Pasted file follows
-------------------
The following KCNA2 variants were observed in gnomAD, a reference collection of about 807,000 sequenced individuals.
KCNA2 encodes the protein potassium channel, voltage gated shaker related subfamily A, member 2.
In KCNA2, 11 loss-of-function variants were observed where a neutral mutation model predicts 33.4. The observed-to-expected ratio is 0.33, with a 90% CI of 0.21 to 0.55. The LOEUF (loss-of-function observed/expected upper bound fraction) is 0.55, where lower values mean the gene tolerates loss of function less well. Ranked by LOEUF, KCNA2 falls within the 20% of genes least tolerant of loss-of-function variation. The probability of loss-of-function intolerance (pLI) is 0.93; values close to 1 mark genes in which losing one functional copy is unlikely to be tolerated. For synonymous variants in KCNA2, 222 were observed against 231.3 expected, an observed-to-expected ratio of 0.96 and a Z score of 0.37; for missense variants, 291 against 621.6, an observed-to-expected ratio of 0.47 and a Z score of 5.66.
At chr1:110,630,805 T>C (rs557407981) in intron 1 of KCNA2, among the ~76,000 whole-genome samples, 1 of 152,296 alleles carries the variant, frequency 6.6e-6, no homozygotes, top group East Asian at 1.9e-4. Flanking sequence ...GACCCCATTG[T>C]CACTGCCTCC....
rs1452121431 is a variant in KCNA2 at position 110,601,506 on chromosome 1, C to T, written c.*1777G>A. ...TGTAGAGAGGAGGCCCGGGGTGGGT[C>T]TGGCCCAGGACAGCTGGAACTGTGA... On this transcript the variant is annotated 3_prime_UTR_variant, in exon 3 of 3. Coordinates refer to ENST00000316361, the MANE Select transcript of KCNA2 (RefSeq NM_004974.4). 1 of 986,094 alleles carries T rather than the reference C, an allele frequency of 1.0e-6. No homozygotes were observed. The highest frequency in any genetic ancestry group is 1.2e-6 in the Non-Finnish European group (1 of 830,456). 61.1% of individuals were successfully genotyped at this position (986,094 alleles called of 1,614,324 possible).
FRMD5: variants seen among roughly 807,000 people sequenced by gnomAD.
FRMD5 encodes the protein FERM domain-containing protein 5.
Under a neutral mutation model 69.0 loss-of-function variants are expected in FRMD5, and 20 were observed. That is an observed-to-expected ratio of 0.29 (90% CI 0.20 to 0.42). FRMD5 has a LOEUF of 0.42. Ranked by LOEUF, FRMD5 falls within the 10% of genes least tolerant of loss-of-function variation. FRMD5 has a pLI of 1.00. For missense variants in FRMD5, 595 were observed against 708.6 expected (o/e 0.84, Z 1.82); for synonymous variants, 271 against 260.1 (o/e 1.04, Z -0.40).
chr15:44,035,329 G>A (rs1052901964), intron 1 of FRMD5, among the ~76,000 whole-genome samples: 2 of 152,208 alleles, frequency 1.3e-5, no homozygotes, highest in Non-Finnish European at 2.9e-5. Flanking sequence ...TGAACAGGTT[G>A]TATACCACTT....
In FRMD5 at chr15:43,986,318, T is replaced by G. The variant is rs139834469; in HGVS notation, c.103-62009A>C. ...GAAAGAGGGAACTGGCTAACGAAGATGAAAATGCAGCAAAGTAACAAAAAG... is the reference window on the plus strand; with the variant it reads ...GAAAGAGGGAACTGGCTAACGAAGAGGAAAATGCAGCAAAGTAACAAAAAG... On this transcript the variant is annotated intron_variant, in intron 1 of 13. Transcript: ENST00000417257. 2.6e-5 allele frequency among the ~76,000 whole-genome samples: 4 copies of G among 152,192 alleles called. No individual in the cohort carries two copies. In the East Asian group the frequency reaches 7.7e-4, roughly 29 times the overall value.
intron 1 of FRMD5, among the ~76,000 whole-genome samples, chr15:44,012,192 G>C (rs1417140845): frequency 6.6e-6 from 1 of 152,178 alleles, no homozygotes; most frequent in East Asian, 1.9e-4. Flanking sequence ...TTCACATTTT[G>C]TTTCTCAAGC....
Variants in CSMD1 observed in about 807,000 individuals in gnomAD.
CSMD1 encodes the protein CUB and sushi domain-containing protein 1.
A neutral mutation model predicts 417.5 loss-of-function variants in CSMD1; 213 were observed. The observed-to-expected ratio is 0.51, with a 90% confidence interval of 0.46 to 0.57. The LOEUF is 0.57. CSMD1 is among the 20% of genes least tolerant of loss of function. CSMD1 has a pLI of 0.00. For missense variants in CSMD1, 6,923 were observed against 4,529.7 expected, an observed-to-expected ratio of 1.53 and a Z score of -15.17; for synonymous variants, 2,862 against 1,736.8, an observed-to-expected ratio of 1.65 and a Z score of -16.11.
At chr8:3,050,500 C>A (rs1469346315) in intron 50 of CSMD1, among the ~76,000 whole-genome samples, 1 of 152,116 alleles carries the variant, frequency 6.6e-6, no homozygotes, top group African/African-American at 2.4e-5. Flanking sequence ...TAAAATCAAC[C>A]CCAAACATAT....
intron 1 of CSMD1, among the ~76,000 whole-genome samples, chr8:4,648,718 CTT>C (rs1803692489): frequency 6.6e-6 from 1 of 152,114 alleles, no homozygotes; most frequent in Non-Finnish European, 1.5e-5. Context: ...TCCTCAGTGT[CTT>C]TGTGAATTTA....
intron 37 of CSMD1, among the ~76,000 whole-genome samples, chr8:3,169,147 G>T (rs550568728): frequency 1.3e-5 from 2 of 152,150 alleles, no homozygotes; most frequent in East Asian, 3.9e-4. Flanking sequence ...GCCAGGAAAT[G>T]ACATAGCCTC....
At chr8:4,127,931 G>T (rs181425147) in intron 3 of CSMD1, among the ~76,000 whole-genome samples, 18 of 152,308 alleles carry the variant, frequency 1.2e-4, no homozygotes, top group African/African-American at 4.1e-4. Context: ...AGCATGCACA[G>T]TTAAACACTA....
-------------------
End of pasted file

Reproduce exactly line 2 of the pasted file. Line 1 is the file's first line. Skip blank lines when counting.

KCNA2 encodes the protein potassium channel, voltage gated shaker related subfamily A, member 2.